BioShock Infinite Review: A Gleaming City of Unrealized Potential
This is a central conceit of Irrational Games’ follow-up to the oft-lauded first-person shooter that took place in a city built at the bottom of the ocean. It’s not a sequel to BioShock. It’s another, similar title with the BioShock label. It is BioShock Remix; BioShock Clear; BioShock But What If the City Could Fly Instead.
The tragedy of BioShock Infinite is that it’s a game of big ideas saddled to what amounts to a rehash of the experience of that first time you entered Rapture some six years ago. The architecture is different, the underlying philosophies espoused in audio journals tweaked, but the sum of the parts is the same, if delivered less well. Where BioShock was a frightening, oppressive experience that coupled the fear of what lurked around the next corner with an unquenchable desire to explore around that corner, BioShock Infinite’s Columbia lacks that magical draw. Infinite is not a bad game — it’s an extremely competent FPS that must be commended for sometimes taking on hard topics, creating an often beautifully realized world, and pushing the envelope of polish and story in video games in some important, key ways. I think you should play it.
But it’s too bad Infinite wasn’t released from the cage that is the BioShock label and freed to realize its own potential.
Platforms: PC (Reviewed), Playstation 3, Xbox 360
Developer: Irrational Games
Publisher: 2K Games
Released: March 26, 2013
Booker DeWitt owes. The former Pinkerton agent, U.S. Army veteran of the Battle of Wounded Knee, and player character, has fallen into a bottle and piled up gambling debts. His last, best shot of digging his way clear is to venture to a strange city called Columbia to rescue a girl named Elizabeth and return her to New York. Like BioShock, Infinite starts with a lighthouse, some cryptic words scrawled on wall hangings, and a beautiful ascent (rather than descent) to an impossible city glittering with potential.
The opening hours of BioShock Infinite suggest that incredible potential. The 1912 city echoes with uncanny, anachronistic glimmers of something strange lingering beneath the surface. A statue changes from the visage of a man to that of a woman before Booker’s eyes. A barbershop quartet serenades market-goers with a rendition of the Beach Boys’ “God Only Knows.” Columbia feels…wrong. It’s a city that floats among the clouds, a feat its inhabitants take for granted, but something here is not right. When players finally get to where Elizabeth is held, they discover a facility treating the young woman as a dangerous scientific anomaly, and when Booker manages to free her, she serves as an AI-controlled companion for most of the duration, but we’re left to wonder why the Columbians feared her so — and whether we should too. When Booker passes a sign warning off the so-called “False Shepard,” who Columbians will know by a brand on his hand — the same brand Booker has on his hand — we know we’re in for a surreal experience.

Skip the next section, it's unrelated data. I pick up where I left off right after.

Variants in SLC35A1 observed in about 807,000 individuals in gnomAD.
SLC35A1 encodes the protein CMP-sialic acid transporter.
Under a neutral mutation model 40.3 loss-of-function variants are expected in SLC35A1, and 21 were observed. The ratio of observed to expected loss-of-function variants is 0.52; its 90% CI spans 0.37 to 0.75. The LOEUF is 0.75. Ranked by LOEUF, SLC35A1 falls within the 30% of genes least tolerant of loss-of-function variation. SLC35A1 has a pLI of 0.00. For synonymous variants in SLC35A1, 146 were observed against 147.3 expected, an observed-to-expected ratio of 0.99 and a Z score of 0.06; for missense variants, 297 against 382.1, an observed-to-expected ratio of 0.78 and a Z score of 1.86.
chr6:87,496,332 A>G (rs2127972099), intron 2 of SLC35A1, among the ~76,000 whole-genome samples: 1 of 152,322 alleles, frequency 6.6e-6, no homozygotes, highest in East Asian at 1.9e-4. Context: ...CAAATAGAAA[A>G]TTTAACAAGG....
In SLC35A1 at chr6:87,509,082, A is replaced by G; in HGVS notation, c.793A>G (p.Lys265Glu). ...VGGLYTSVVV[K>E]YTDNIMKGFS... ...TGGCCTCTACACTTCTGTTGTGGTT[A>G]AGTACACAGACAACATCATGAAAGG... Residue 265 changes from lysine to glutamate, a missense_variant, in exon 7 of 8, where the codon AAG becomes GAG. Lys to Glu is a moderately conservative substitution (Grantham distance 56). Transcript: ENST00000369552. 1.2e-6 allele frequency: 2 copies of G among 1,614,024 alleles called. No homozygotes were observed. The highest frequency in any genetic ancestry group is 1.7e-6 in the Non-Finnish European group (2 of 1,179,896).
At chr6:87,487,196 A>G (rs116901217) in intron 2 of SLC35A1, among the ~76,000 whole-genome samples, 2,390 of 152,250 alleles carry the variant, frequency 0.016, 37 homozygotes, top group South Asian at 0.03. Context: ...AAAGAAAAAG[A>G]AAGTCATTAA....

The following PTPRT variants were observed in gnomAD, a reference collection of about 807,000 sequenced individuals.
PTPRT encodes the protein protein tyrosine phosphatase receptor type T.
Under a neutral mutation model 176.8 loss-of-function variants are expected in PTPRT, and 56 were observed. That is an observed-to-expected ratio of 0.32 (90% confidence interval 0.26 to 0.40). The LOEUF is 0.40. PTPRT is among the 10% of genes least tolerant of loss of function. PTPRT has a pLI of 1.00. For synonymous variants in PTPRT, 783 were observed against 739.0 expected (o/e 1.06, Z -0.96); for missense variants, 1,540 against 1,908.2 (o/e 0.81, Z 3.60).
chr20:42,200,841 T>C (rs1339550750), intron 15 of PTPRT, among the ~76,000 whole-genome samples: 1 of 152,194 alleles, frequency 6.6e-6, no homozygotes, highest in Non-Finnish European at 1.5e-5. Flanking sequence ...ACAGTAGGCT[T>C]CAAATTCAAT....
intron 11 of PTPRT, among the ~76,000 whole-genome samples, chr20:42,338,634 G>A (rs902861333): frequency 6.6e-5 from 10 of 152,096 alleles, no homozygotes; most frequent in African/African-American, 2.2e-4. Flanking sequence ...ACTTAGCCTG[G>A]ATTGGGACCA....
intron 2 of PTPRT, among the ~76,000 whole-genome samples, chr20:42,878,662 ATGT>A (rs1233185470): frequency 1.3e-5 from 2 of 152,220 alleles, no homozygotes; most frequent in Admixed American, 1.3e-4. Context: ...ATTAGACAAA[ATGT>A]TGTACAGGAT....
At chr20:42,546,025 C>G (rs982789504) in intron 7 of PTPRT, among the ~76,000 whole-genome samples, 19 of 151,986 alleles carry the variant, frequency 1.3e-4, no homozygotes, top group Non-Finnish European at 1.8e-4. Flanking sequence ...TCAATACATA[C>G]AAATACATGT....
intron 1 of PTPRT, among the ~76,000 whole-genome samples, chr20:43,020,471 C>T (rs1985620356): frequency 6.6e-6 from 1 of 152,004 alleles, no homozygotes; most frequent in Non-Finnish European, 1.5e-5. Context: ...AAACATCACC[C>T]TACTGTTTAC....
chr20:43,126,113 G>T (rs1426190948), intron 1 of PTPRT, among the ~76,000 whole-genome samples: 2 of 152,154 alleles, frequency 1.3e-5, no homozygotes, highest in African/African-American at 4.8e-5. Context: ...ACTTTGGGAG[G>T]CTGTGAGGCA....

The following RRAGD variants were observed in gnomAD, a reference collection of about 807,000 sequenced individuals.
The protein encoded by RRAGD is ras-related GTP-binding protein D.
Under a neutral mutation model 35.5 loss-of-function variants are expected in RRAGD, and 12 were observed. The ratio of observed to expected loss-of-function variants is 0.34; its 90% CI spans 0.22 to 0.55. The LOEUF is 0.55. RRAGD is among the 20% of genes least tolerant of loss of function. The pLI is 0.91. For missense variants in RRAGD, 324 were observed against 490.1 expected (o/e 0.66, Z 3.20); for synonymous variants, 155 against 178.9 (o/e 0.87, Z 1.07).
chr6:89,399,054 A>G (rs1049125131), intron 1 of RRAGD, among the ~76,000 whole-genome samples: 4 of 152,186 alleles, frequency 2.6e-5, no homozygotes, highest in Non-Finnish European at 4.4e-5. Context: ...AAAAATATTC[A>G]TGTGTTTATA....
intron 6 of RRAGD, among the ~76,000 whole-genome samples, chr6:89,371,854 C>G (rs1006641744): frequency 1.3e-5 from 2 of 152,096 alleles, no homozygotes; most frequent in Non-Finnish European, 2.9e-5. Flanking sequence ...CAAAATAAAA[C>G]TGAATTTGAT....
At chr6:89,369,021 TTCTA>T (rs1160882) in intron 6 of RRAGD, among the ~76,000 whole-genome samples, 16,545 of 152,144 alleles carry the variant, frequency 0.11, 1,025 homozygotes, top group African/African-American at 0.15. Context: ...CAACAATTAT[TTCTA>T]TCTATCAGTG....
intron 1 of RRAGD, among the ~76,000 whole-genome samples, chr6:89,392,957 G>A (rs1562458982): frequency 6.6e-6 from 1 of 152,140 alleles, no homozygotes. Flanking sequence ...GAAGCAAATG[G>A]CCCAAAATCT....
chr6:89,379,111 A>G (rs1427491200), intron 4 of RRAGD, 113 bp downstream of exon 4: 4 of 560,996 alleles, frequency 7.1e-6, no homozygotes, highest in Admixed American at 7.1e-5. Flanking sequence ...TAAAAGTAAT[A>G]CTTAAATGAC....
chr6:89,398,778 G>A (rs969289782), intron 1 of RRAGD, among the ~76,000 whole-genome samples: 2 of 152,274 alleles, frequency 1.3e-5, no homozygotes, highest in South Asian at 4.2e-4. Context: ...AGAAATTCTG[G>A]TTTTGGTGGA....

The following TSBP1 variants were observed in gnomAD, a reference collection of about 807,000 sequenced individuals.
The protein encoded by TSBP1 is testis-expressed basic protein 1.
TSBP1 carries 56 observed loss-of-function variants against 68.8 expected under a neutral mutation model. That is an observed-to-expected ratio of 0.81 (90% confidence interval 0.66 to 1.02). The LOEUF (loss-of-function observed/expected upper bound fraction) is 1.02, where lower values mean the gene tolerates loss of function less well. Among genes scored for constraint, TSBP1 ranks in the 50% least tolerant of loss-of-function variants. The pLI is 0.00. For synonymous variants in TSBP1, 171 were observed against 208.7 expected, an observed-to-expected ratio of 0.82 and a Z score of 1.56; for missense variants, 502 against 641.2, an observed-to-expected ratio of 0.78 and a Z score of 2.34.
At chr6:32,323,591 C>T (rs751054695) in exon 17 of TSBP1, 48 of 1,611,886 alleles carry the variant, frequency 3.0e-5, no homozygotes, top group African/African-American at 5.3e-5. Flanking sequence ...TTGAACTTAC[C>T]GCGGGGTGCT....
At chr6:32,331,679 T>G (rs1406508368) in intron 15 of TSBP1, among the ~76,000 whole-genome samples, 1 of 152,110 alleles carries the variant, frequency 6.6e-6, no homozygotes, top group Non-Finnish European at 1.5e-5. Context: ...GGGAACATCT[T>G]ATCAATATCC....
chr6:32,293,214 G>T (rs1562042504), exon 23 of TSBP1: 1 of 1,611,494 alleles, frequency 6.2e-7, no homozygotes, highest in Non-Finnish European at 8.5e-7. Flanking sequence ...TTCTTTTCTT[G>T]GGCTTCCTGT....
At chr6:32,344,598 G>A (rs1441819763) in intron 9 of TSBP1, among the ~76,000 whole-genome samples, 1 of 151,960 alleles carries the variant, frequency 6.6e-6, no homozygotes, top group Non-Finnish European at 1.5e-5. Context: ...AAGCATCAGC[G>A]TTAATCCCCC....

And Infinite does sometimes manage to be surreal and fascinating in an intellectual, story driven way. At its best, the city, like Rapture, suggests what can happen when an ideologue goes off the rails and convinces thousands to follow him. Columbia is a cult unto itself, and the game often looks as if it’s poised, like the original BioShock, to make a serious comment on reality. The city’s patriarch, Father Comstock, is a self-proclaimed prophet who seems to have the chops to back up the claim. His brand of religion is a mixture of intense Christianity, the literal deifying of the American creation myth, and institutionalized racism. Writer and Director Ken Levine looks as if he has something to say.